• What aspect(s) of the educative experience remains transparent: curriculum, assessment, instruction, student outcomes, etc.?  And transparent for whom: teachers, learners, community, local, global...?  And for how long and where? (MOOC)

  • Should authentic or non-authentic materials be used (see above)? OERs in the abstract (artifact) or those used in context (artifacts defined within a particular educative experience from both the learner and instructor perspective)?  (OER)

  • What remains transparent, teaching or learning practices?  Didactic materials (both OERs and Non-OERs), course content, learning processes, learner-produced products, or learning environments? (open pedagogy/open educational practices/OER-enabled pedagogy)


For this reason, I think it's helpful not to reach a consensus on these definitions because it forces educational stakeholders to use these terms by describing and explaining the unique contexts with which they are used.  Semantics (the meaning of words) really depends on pragmatics (how words are used).

If it had to choose a term, OER-enabled pedagogy, open pedagogy, or open educational practices, I would go general: transparent educative experiences. Let the context dictate the meaning.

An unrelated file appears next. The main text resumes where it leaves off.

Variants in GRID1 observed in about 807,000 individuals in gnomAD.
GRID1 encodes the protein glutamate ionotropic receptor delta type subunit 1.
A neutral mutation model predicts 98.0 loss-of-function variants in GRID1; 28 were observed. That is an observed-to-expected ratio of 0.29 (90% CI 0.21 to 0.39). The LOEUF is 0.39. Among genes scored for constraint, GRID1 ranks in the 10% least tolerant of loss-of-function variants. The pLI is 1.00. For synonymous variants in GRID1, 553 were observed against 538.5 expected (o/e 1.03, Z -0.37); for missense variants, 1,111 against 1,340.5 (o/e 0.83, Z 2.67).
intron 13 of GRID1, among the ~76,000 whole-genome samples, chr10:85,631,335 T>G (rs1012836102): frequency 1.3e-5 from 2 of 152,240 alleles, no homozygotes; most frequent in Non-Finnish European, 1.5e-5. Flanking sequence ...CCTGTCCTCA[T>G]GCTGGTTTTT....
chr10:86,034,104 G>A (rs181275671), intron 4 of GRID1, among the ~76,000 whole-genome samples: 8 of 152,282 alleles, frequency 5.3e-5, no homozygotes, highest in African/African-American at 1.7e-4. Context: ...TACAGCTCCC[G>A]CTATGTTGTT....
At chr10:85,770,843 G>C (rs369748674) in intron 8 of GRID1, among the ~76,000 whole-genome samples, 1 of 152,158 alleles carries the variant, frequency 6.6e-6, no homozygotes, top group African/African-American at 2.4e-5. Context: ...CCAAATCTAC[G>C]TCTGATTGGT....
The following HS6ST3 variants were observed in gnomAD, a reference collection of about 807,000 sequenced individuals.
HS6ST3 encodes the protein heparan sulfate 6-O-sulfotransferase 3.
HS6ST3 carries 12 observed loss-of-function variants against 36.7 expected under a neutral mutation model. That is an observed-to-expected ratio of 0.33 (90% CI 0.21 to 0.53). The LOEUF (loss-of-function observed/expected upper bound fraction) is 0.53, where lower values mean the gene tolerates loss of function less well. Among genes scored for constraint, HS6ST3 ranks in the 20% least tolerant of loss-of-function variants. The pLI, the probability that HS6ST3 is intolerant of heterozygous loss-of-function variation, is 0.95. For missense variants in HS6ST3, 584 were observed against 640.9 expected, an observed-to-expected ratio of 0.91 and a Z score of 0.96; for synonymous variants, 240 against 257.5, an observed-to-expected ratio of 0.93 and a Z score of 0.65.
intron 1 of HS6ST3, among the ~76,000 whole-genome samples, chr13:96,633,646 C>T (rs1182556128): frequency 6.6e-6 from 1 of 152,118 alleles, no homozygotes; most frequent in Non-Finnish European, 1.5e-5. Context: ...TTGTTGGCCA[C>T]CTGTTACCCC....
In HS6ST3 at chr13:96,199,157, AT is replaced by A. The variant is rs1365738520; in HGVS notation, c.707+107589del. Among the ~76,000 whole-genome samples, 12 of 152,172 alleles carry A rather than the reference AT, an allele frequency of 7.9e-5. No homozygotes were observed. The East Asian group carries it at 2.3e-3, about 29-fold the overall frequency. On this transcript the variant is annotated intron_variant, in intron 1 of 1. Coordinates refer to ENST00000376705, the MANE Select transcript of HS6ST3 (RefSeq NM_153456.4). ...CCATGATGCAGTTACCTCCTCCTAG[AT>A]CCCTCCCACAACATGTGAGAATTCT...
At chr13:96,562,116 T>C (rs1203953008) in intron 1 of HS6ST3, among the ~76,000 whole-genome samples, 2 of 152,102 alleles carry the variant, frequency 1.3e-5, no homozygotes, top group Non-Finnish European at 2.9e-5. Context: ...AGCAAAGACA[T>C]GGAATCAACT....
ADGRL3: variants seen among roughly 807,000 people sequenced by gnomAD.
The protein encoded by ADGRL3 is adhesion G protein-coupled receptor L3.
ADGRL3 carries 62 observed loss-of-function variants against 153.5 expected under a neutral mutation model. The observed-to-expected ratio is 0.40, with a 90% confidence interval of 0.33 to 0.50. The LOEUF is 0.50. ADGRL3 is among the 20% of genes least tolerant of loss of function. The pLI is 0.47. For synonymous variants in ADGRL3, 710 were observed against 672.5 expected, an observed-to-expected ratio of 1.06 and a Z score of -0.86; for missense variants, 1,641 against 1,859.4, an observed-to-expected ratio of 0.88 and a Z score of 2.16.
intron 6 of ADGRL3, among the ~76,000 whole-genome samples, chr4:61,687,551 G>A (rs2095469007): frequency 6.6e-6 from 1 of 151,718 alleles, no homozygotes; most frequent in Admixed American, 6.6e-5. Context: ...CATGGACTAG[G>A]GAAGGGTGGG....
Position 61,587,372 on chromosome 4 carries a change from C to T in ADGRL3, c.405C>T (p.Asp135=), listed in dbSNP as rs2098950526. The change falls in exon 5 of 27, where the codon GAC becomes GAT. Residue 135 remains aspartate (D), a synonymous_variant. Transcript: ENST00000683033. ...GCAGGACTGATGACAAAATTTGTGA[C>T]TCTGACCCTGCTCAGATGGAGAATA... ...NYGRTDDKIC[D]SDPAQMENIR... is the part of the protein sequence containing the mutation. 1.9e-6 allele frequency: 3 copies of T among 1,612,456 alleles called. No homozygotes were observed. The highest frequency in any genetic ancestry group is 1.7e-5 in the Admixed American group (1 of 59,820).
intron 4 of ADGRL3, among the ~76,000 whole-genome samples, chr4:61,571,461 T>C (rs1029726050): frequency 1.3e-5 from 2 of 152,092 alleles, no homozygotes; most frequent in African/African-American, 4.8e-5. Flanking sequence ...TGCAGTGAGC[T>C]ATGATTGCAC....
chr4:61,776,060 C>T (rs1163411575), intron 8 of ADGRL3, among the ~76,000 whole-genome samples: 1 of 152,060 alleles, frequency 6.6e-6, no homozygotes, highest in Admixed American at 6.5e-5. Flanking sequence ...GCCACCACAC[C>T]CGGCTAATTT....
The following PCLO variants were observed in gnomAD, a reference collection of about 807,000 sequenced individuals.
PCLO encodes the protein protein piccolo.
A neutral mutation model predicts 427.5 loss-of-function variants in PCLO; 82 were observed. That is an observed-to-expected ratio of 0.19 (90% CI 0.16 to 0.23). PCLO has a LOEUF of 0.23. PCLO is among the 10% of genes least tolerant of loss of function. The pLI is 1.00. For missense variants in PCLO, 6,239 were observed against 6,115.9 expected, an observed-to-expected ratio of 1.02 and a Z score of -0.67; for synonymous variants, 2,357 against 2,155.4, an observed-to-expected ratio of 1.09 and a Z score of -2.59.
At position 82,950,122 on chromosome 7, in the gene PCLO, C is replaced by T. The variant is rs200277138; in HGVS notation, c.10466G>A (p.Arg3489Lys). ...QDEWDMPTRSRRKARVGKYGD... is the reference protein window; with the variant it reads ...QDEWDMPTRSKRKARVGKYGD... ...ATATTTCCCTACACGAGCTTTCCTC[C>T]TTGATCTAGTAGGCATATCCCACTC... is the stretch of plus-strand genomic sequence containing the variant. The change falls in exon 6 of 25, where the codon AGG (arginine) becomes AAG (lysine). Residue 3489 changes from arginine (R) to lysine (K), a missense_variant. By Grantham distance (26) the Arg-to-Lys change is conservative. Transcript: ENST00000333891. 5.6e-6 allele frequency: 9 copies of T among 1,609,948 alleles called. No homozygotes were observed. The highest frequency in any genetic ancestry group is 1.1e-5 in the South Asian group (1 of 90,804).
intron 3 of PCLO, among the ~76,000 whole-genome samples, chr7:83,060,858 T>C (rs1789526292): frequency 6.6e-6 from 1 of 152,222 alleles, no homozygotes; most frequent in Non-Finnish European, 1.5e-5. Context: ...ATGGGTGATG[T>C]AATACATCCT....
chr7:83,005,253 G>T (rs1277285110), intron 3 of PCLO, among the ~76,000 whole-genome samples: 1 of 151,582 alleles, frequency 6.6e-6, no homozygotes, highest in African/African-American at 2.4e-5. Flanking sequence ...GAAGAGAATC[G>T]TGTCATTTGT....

Reflection


The first learning objective for week 4 - evaluate models of content creation and settings in which each is preferable - I find much more challenging than the second - explore the process of finding, assessing, and integrating OERs.  Any "model" of content creation would depend on school policy and (educator) culture, student body and culture, curriculum, assessment, instruction, and available resources like technology, etc. Before considering any "model", what's most important is that educators who are attempting to become more open, have various entry points possible.  For instance, perhaps it does not involve any OERs at all, simply sharing a teaching or learning experience that was challenging or successful might be the first step in becoming more open. This might later include adapting or adopting OERs as part of everyday practice... and so on.  Given this scenario, it's hard to look at this process as a particular "model" - but I could be wrong.  This is my current mindset as I continue to read and write about this topic this week.

Note: Images above show how I decided to gather my thoughts yesterday that led to this post: iPad Pro using Google Keep to take notes while watching YouTube videos in split screen.

Saturday, October 21, 2017

OERs and Open Education: An Open Invitation (#OpenEdMOOC)

For week 3 of an Introduction to Open Education - #OpenEdMOOC, I decided to extend an invitation to my colleagues at the Universidad Autónoma de Aguascalientes to consider open educational resources (OERs) and to share how they might impact their own teaching practice.  I chose to share this video via Yammer and to also upload it to Microsoft Stream which both form part of an intranet for sharing and communicating within the institution.